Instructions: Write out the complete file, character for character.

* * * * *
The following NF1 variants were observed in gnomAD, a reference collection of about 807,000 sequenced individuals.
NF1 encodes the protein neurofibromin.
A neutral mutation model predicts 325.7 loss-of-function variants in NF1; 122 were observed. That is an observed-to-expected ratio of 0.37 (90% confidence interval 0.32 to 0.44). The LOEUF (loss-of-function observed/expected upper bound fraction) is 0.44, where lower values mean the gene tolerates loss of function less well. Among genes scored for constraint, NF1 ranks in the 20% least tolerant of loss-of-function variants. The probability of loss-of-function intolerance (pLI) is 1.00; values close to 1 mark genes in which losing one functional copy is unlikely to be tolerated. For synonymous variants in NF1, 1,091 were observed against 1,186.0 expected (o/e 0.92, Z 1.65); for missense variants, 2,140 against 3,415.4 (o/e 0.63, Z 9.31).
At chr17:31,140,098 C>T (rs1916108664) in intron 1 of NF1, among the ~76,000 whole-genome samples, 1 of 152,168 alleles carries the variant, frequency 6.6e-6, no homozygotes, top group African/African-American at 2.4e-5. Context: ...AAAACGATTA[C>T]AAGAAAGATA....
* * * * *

The following NF1 variants were observed in gnomAD, a reference collection of about 807,000 sequenced individuals.
NF1 encodes the protein neurofibromin.
A neutral mutation model predicts 325.7 loss-of-function variants in NF1; 122 were observed. That is an observed-to-expected ratio of 0.37 (90% confidence interval 0.32 to 0.44). The LOEUF (loss-of-function observed/expected upper bound fraction) is 0.44, where lower values mean the gene tolerates loss of function less well. Among genes scored for constraint, NF1 ranks in the 20% least tolerant of loss-of-function variants. The probability of loss-of-function intolerance (pLI) is 1.00; values close to 1 mark genes in which losing one functional copy is unlikely to be tolerated. For synonymous variants in NF1, 1,091 were observed against 1,186.0 expected (o/e 0.92, Z 1.65); for missense variants, 2,140 against 3,415.4 (o/e 0.63, Z 9.31).
At chr17:31,140,098 C>T (rs1916108664) in intron 1 of NF1, among the ~76,000 whole-genome samples, 1 of 152,168 alleles carries the variant, frequency 6.6e-6, no homozygotes, top group African/African-American at 2.4e-5. Context: ...AAAACGATTA[C>T]AAGAAAGATA....